Kevin McCarthy: Speaker to Citizen

McCarthy was dealt a losing hand at a tumultuous time in American history.

By Corey Kendig


Former House speaker Kevin McCarthy announced his retirement from Congress on December 6th. McCarthy’s announcement comes just two months after his removal from the speakership. The once revered political actor may seemingly have seen his last day in D.C.

McCarthy’s departure is surprising but also understandable. On one hand, McCarthy has spent seventeen years in the House of Representatives, double the average length of service in the House, but notably short for a member in leadership. On the other, McCarthy just lost a brutal election that ousted him from leadership; the first time a speaker has been ousted in such a manner.


The Departure

McCarthy’s departure is certainly a sad one. His removal from leadership was unpopular amongst Republicans in the legislature; he only lost because seven Republicans went rogue and voted to oust him as speaker. McCarthy however, is not sad about his departure. In his announcement, he touted that, under his leadership, Republicans won the house twice, reduced the deficit by two trillion dollars, and elected more Republican women, veterans, and minorities to Congress than ever before. California Republicans have praised him as a great leader, and as a great representative, but unfortunately his national legacy may be remembered differently.

McCarthy was dealt a losing hand at a tumultuous time in American history. McCarthy had to deal with representatives who never quite understood the “team-player” mentality of the Republican Party present throughout most of the 21st century. Gaetz, Boebert, and the other band of rogue Republicans made McCarthy’s leadership a living nightmare. 



The writing was on the wall as soon as Republicans took back the House in 2022. McCarthy’s election to the speakership spelled disaster, as it took an impressive fifteen ballots to elect the Congressman. Once again, the rogue Republicans threatened unity amongst Republicans by refusing to vote for McCarthy. 

Admittedly, I was wrong about the situation when I wrote that, “there is no immediate risk to the party, but come 2024 the house may see more Anti-McCarthyites elected to Congress, which will make this conversation a bit more interesting.” In my assessment, I underestimated the rogue Republicans’ distaste for McCarthy by a great deal. It’s hard to have “Anti-McCarthyites” without McCarthy.


Troubles Abound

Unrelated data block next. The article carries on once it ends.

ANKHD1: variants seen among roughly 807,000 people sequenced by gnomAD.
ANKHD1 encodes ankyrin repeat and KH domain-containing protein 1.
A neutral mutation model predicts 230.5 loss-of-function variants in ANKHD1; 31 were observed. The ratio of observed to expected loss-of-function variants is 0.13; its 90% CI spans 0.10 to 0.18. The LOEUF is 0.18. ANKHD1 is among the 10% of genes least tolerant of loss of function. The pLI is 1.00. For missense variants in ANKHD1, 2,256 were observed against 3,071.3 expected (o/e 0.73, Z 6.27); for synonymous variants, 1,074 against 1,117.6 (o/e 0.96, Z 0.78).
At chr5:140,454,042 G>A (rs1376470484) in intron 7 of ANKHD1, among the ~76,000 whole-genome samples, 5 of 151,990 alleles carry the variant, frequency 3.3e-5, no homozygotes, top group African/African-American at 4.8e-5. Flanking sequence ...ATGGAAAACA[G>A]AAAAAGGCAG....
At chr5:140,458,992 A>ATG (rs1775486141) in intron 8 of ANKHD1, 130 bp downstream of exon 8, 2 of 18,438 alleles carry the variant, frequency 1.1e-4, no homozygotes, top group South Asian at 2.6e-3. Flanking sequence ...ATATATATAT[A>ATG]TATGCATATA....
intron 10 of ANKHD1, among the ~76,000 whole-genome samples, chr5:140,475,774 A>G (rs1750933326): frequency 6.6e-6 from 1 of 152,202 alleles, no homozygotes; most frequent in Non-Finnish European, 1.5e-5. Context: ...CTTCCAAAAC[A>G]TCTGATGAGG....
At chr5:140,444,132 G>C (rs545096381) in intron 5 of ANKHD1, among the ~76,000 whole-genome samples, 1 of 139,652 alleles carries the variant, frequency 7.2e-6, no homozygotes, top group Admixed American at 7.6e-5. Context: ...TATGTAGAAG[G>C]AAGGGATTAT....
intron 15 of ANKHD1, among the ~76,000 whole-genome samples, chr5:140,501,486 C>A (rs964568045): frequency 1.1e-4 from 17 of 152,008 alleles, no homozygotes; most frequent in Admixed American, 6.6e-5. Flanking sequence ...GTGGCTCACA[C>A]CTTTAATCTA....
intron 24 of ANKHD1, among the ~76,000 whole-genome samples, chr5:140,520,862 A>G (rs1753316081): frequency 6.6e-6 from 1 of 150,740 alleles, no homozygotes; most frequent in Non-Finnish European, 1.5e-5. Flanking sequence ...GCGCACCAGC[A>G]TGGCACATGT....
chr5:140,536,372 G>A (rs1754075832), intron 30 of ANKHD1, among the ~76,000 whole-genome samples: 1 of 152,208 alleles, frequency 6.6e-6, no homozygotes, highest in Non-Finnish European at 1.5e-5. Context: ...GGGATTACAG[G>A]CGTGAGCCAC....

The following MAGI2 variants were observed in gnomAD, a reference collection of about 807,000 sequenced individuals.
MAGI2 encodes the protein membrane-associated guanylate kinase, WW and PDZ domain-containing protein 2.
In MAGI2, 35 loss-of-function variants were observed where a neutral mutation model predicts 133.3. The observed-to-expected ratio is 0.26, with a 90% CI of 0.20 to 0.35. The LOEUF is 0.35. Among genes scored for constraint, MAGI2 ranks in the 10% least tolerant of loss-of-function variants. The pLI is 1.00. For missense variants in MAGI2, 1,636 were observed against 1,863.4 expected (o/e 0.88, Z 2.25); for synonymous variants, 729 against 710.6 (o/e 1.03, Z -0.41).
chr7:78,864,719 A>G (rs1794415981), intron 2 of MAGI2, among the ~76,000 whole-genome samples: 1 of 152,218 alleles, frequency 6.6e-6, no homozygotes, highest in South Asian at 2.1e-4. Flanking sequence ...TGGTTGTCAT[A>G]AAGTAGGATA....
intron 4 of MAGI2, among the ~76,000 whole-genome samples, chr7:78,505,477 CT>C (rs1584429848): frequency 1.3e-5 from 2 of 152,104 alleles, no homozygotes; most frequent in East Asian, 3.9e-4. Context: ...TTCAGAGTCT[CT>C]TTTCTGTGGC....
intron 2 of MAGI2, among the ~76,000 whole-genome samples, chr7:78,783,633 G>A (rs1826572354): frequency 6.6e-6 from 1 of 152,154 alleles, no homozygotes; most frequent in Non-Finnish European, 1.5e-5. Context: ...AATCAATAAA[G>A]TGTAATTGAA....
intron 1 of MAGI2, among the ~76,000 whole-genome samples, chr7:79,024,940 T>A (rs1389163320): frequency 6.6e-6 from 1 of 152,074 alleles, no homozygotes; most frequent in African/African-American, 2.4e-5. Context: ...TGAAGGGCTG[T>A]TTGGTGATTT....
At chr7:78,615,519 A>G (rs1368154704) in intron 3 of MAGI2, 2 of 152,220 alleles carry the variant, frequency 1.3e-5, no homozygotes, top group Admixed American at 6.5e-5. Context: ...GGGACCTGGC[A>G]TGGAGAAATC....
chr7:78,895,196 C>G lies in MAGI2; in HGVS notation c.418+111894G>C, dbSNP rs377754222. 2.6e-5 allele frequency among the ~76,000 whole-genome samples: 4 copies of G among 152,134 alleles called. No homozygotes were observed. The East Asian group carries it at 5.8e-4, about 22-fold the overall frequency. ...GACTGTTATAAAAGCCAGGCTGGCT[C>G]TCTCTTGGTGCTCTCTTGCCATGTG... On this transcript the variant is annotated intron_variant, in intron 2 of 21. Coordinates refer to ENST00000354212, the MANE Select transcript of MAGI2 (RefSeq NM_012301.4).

Yet the election of McCarthy to speaker was not the truly contentious moment during McCarthy’s final months as speaker. The debt ceiling debate was supposed to be a key moment for Republicans to flex their political muscle over Senate Democrats and Joe Biden. But the flex became a whimper. In a total shocker, a similar group of rogue Republicans opposed resolutions proposed by McCarthy. Rep. Chip Roy (R-Texas) vowed that McCarthy would pay for his initial attempt at the debt ceiling resolution. Roy stated, “no matter what happens, there is going to be a reckoning.”

At the time, it seemed as if it was an empty threat, but now Roy and his allies seem to have gotten everything they have wanted and more following the departure of McCarthy.


Looking Forward

McCarthy’s departure may spell more doom for House Republicans. The inexperienced speaker, Mike Johnson, will lose a valuable resource to his office. Johnson’s speakership is following a similar pattern to McCarthy’s as he struggles to gather his party into a cohesive unit. With the expulsion of Santos and the imminent departure of McCarthy, Johnson will need to rein in his co-workers more than ever. Rogue Republicans have ended McCarthy’s career as Speaker and may have subsequently ended Johnson’s as well.

Kevin McCarthy’s career in Congress is laudable and should be remembered fondly. His time during the Trump administration proved him as a crafty political actor who could solve politics’ toughest questions with ease. Unfortunately, he will most certainly be remembered for his fall from grace. The fallout to come should not be pinned on McCarthy, Johnson, or any other Republican in office other than those rogue Republicans who refused to trust a battle-tested political leader like Kevin McCarthy.


About the Author

Corey Kendig is a senior history and political science major from Marietta, Pennsylvania, and the head editor for Checkpoint News. He is the Executive Citations Editor at the Grove City Journal of Law & Public Policy. Corey is also a member of the American Enterprise Institute Collegiate Network.

Corey writes as a freelance journalist for several publications. He has written for notable organizations such as The Federalist, College Fix, and the James G. Martin Institute. He has interned at the United States House of Representatives and the Pennsylvania Family Institute. He is a Marketing Fellow with the Institute for Faith & Freedom.

Photo courtesy of Medill DC, Flickr (cropped). License here.

Disclaimer: The views and opinions expressed are those of the writer alone. They do not necessarily reflect the official position of Grove City College, the Institute for Faith and Freedom, or their affiliates.


  1. Jon McGee on December 13, 2023 at 9:17 am

    Wow, what an insightful piece. I appreciate the author’s intricate understanding of the complex issues surrounding today’s Congress. Great piece!